Interested in Sustainability and Saving the World in a Practical Way? Try Permaculture

Interested in Sustainability and Saving the World in a Practical Way?   

Try Permaculture


We hear so much on the news about climate change, the climate crisis, being sustainable, being ecofriendly. Permaculture is a way for you to start to change the way that you live practically and ethically.

Permaculture aims to –

  • Increase sustainability
  • Increase biodiversity
  • Grow plants that have more than one use

What is Permaculture?

 Permaculture is an ethical approach to designing land use and community systems, to provide food, ecological habitats and other essentials needed for human survival.

The word permaculture derives from two words – permanent and agriculture. It was first devised by an Australian Ecologist, Bill Mollison and his student, David Holmgren in 1978. Permaculture has come on in leaps and bounds, and grown in popularity since then.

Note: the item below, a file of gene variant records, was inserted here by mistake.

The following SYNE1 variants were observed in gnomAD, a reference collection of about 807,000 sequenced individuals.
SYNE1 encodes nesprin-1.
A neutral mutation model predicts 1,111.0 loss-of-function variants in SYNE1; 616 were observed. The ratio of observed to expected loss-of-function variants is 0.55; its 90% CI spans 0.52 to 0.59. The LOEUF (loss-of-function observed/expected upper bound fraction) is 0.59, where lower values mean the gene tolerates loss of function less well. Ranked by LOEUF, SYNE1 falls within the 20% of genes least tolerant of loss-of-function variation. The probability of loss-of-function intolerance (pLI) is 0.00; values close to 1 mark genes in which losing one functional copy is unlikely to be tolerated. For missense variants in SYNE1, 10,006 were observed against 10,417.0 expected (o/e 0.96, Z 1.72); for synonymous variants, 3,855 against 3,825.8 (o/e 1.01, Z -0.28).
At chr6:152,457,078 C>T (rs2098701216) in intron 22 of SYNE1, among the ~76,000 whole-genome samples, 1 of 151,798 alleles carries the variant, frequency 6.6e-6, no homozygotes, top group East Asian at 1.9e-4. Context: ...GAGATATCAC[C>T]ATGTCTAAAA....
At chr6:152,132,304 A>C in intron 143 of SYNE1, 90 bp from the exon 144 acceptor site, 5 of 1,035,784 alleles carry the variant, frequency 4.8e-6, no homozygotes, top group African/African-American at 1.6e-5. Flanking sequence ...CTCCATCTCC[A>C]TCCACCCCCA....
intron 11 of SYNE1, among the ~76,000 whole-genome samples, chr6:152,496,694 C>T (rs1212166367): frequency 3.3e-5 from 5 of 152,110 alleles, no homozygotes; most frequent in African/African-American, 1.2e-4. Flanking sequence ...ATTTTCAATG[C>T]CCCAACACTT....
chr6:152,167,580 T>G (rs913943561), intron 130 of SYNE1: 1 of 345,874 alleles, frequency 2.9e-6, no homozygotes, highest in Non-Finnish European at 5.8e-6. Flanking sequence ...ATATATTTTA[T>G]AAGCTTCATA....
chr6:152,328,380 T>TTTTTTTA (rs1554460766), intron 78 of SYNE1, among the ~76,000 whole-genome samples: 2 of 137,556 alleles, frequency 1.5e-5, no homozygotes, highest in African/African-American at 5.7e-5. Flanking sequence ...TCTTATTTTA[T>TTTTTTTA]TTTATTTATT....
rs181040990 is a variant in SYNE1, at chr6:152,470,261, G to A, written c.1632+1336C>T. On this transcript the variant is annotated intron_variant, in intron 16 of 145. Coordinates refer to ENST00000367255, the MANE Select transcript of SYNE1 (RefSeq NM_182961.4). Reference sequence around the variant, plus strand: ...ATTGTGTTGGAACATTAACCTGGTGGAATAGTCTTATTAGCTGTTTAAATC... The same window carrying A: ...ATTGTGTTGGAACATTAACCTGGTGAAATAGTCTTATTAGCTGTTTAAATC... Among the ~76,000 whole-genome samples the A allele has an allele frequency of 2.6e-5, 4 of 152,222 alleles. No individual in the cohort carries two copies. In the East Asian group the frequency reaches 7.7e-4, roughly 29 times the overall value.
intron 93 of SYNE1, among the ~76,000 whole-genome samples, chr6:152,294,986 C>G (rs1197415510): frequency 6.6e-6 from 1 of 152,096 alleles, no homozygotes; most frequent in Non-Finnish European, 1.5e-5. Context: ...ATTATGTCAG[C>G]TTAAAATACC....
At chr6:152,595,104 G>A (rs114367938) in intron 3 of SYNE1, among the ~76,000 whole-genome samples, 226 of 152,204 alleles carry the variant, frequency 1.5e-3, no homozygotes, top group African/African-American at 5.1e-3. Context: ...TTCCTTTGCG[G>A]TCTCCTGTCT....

Permaculture embraces three main ethical principles as follows:

  • "Care of the Earth" - This includes all living things and non-living things which together comprise the environment (i.e. animals, plants, land, water, and air).
  • "Care of People" - Permaculture systems should be developed to promote selfreliance and community responsibility.
  • “Fair Share” - Set limits to consumption and reproduction, and redistribute surplus - pass on anything surplus to an individual's needs (e.g. labour, information, or money) to pursue the above aims.

In all of this, there is the life ethic –

  • All living organisms are not only means but ends.
  • In addition to their instrumental value to humans and other living organisms, they have an intrinsic worth.